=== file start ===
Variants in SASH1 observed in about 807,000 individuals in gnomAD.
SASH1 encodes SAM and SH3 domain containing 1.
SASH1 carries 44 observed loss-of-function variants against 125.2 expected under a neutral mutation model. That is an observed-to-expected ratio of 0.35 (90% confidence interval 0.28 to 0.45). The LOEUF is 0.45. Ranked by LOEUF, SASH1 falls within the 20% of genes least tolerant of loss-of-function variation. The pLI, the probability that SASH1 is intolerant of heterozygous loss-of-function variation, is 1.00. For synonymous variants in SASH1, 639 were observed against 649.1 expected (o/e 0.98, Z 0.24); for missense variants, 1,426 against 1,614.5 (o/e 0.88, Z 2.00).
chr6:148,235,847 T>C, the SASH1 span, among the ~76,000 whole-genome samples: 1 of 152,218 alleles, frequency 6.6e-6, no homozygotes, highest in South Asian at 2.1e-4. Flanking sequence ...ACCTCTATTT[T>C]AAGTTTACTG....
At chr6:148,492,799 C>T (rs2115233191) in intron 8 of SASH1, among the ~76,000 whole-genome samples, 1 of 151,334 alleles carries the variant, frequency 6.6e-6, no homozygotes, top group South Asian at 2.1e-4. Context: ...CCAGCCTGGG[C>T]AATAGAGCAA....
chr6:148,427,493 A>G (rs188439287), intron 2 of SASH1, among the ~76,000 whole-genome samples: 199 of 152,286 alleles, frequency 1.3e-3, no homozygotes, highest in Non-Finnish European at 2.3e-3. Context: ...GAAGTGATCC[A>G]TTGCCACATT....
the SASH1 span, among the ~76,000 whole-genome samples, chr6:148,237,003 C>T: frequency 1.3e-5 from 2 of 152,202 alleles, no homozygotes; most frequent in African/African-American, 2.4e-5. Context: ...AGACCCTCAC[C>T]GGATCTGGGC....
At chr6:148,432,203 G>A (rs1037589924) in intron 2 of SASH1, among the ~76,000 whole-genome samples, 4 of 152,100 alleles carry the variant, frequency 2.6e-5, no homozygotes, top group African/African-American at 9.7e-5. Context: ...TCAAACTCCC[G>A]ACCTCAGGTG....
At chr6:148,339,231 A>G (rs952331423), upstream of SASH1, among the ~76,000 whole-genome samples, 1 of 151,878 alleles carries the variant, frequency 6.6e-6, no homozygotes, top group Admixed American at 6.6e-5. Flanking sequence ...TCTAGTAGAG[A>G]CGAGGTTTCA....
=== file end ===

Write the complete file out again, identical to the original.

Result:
Variants in SASH1 observed in about 807,000 individuals in gnomAD.
SASH1 encodes SAM and SH3 domain containing 1.
SASH1 carries 44 observed loss-of-function variants against 125.2 expected under a neutral mutation model. That is an observed-to-expected ratio of 0.35 (90% confidence interval 0.28 to 0.45). The LOEUF is 0.45. Ranked by LOEUF, SASH1 falls within the 20% of genes least tolerant of loss-of-function variation. The pLI, the probability that SASH1 is intolerant of heterozygous loss-of-function variation, is 1.00. For synonymous variants in SASH1, 639 were observed against 649.1 expected (o/e 0.98, Z 0.24); for missense variants, 1,426 against 1,614.5 (o/e 0.88, Z 2.00).
chr6:148,235,847 T>C, the SASH1 span, among the ~76,000 whole-genome samples: 1 of 152,218 alleles, frequency 6.6e-6, no homozygotes, highest in South Asian at 2.1e-4. Flanking sequence ...ACCTCTATTT[T>C]AAGTTTACTG....
At chr6:148,492,799 C>T (rs2115233191) in intron 8 of SASH1, among the ~76,000 whole-genome samples, 1 of 151,334 alleles carries the variant, frequency 6.6e-6, no homozygotes, top group South Asian at 2.1e-4. Context: ...CCAGCCTGGG[C>T]AATAGAGCAA....
chr6:148,427,493 A>G (rs188439287), intron 2 of SASH1, among the ~76,000 whole-genome samples: 199 of 152,286 alleles, frequency 1.3e-3, no homozygotes, highest in Non-Finnish European at 2.3e-3. Context: ...GAAGTGATCC[A>G]TTGCCACATT....
the SASH1 span, among the ~76,000 whole-genome samples, chr6:148,237,003 C>T: frequency 1.3e-5 from 2 of 152,202 alleles, no homozygotes; most frequent in African/African-American, 2.4e-5. Context: ...AGACCCTCAC[C>T]GGATCTGGGC....
At chr6:148,432,203 G>A (rs1037589924) in intron 2 of SASH1, among the ~76,000 whole-genome samples, 4 of 152,100 alleles carry the variant, frequency 2.6e-5, no homozygotes, top group African/African-American at 9.7e-5. Context: ...TCAAACTCCC[G>A]ACCTCAGGTG....
At chr6:148,339,231 A>G (rs952331423), upstream of SASH1, among the ~76,000 whole-genome samples, 1 of 151,878 alleles carries the variant, frequency 6.6e-6, no homozygotes, top group Admixed American at 6.6e-5. Flanking sequence ...TCTAGTAGAG[A>G]CGAGGTTTCA....